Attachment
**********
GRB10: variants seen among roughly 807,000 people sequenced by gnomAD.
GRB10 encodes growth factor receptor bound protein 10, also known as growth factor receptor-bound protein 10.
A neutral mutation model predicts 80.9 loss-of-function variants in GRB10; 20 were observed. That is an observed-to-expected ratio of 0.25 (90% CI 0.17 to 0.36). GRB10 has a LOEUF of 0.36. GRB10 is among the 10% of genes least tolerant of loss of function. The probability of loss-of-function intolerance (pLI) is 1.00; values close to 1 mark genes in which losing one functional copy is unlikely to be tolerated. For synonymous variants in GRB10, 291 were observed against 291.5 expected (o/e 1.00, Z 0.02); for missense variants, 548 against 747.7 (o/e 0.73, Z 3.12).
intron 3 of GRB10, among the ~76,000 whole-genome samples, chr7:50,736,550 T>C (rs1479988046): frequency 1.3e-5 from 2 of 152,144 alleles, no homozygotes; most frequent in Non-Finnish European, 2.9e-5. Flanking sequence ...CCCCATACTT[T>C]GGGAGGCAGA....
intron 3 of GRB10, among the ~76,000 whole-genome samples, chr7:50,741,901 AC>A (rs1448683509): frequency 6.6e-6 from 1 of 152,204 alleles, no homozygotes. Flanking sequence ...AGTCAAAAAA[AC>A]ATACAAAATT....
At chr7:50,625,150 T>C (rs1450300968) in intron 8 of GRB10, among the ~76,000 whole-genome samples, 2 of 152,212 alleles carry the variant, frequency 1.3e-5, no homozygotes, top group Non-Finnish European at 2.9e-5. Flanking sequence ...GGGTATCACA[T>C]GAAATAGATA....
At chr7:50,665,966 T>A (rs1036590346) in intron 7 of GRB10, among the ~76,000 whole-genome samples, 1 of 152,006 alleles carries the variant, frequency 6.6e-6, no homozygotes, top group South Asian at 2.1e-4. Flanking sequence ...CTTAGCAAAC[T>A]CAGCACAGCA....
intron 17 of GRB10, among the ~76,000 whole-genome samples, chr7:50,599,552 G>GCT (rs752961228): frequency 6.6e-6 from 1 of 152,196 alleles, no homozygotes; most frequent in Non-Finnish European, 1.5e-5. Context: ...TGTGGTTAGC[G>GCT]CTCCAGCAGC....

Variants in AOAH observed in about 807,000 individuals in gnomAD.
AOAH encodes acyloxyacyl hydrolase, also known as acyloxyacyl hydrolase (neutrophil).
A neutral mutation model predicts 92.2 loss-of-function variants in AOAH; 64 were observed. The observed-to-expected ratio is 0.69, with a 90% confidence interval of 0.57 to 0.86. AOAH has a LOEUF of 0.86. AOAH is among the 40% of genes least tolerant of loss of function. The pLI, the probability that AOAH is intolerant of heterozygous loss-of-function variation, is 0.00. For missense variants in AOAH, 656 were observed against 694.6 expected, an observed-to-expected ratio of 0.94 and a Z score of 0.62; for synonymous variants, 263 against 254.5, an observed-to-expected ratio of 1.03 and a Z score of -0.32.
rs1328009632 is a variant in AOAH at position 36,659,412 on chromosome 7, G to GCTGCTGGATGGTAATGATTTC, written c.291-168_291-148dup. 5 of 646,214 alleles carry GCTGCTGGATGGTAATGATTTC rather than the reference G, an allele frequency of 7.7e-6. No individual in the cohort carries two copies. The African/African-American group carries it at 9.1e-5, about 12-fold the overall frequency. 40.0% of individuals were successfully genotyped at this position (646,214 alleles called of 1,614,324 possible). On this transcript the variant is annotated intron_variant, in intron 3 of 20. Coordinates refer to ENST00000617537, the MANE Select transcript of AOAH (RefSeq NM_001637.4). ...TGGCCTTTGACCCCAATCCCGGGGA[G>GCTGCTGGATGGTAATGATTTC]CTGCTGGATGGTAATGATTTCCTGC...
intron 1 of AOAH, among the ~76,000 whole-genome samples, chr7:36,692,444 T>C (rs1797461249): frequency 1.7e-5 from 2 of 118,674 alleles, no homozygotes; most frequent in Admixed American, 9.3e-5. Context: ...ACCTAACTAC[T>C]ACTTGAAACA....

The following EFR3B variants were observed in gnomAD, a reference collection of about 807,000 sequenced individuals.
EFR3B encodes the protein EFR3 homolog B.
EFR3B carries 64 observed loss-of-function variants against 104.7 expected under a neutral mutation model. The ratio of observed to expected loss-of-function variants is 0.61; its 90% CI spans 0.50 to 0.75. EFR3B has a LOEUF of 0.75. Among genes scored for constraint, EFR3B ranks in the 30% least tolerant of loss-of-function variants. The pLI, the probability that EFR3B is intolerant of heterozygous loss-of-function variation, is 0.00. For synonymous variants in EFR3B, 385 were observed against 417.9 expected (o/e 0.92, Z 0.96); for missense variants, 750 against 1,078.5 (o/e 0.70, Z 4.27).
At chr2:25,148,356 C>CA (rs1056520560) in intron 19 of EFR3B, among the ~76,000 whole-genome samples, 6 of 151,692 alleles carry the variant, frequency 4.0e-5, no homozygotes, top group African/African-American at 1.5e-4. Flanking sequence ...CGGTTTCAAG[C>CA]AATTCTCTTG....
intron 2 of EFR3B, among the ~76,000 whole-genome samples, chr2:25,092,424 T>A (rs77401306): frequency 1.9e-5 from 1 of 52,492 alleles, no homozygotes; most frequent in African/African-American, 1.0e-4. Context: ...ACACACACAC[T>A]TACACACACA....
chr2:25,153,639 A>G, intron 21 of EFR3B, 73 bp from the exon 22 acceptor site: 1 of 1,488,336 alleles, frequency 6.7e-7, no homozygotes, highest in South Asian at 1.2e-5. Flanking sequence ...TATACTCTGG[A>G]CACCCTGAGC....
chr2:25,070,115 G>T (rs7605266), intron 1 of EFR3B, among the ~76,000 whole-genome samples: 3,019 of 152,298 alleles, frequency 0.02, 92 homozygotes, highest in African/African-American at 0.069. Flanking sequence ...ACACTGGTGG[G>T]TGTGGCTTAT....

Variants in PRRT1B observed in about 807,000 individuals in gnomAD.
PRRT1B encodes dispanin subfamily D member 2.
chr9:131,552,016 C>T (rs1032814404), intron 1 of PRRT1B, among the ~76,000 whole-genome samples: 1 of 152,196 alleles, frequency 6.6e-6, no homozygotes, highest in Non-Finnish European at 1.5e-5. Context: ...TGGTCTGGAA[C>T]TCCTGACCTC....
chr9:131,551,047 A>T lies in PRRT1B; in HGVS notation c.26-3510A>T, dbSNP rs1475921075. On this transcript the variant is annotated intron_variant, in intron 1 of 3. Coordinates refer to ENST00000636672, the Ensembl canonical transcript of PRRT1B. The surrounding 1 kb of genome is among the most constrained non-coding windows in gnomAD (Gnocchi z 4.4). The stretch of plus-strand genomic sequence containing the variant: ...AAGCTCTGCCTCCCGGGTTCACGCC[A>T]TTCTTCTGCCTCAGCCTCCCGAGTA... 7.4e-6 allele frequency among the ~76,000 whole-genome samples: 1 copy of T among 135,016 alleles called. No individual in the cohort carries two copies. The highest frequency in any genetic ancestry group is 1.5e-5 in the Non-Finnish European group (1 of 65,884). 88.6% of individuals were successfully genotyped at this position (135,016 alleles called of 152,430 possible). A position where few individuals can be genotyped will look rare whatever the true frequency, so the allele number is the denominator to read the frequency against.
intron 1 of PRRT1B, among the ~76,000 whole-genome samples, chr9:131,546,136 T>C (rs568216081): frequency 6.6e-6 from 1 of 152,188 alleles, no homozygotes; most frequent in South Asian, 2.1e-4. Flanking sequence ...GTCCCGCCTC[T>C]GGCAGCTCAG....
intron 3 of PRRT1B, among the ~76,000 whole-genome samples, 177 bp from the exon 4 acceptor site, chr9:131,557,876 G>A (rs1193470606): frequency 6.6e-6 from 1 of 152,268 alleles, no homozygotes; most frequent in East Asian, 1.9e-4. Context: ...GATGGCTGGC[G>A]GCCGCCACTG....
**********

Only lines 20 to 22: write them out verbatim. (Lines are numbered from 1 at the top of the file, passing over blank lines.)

chr2:25,070,115 G>T (rs7605266), intron 1 of EFR3B, among the ~76,000 whole-genome samples: 3,019 of 152,298 alleles, frequency 0.02, 92 homozygotes, highest in African/African-American at 0.069. Flanking sequence ...ACACTGGTGG[G>T]TGTGGCTTAT....

Variants in PRRT1B observed in about 807,000 individuals in gnomAD.
PRRT1B encodes dispanin subfamily D member 2.